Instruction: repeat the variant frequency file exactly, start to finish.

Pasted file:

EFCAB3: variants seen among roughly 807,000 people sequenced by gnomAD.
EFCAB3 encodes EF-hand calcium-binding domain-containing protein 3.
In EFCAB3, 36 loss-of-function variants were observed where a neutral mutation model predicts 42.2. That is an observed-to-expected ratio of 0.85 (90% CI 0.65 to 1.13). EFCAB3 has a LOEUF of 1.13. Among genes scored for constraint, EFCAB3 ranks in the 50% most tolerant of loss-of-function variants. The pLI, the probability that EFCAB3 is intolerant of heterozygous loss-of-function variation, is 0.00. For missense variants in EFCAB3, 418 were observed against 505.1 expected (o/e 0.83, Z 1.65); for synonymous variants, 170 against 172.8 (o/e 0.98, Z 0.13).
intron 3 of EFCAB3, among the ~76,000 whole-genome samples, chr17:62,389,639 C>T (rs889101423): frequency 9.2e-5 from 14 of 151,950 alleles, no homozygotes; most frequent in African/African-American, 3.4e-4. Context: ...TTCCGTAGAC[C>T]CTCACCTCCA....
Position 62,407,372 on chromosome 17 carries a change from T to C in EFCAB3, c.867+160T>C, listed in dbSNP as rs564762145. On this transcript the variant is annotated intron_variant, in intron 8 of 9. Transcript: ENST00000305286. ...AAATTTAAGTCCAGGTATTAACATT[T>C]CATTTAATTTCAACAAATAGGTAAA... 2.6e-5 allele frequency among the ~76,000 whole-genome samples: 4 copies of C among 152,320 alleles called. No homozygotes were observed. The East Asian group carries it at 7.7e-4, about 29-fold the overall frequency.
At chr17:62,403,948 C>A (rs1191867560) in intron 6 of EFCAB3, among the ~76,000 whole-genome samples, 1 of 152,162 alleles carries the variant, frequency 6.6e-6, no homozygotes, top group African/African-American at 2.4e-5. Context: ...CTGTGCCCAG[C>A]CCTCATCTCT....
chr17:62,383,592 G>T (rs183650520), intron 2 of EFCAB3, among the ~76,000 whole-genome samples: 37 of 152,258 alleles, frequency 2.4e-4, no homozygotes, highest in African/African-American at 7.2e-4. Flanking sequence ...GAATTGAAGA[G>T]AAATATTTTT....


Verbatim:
EFCAB3: variants seen among roughly 807,000 people sequenced by gnomAD.
EFCAB3 encodes EF-hand calcium-binding domain-containing protein 3.
In EFCAB3, 36 loss-of-function variants were observed where a neutral mutation model predicts 42.2. That is an observed-to-expected ratio of 0.85 (90% CI 0.65 to 1.13). EFCAB3 has a LOEUF of 1.13. Among genes scored for constraint, EFCAB3 ranks in the 50% most tolerant of loss-of-function variants. The pLI, the probability that EFCAB3 is intolerant of heterozygous loss-of-function variation, is 0.00. For missense variants in EFCAB3, 418 were observed against 505.1 expected (o/e 0.83, Z 1.65); for synonymous variants, 170 against 172.8 (o/e 0.98, Z 0.13).
intron 3 of EFCAB3, among the ~76,000 whole-genome samples, chr17:62,389,639 C>T (rs889101423): frequency 9.2e-5 from 14 of 151,950 alleles, no homozygotes; most frequent in African/African-American, 3.4e-4. Context: ...TTCCGTAGAC[C>T]CTCACCTCCA....
Position 62,407,372 on chromosome 17 carries a change from T to C in EFCAB3, c.867+160T>C, listed in dbSNP as rs564762145. On this transcript the variant is annotated intron_variant, in intron 8 of 9. Transcript: ENST00000305286. ...AAATTTAAGTCCAGGTATTAACATT[T>C]CATTTAATTTCAACAAATAGGTAAA... 2.6e-5 allele frequency among the ~76,000 whole-genome samples: 4 copies of C among 152,320 alleles called. No homozygotes were observed. The East Asian group carries it at 7.7e-4, about 29-fold the overall frequency.
At chr17:62,403,948 C>A (rs1191867560) in intron 6 of EFCAB3, among the ~76,000 whole-genome samples, 1 of 152,162 alleles carries the variant, frequency 6.6e-6, no homozygotes, top group African/African-American at 2.4e-5. Context: ...CTGTGCCCAG[C>A]CCTCATCTCT....
chr17:62,383,592 G>T (rs183650520), intron 2 of EFCAB3, among the ~76,000 whole-genome samples: 37 of 152,258 alleles, frequency 2.4e-4, no homozygotes, highest in African/African-American at 7.2e-4. Flanking sequence ...GAATTGAAGA[G>T]AAATATTTTT....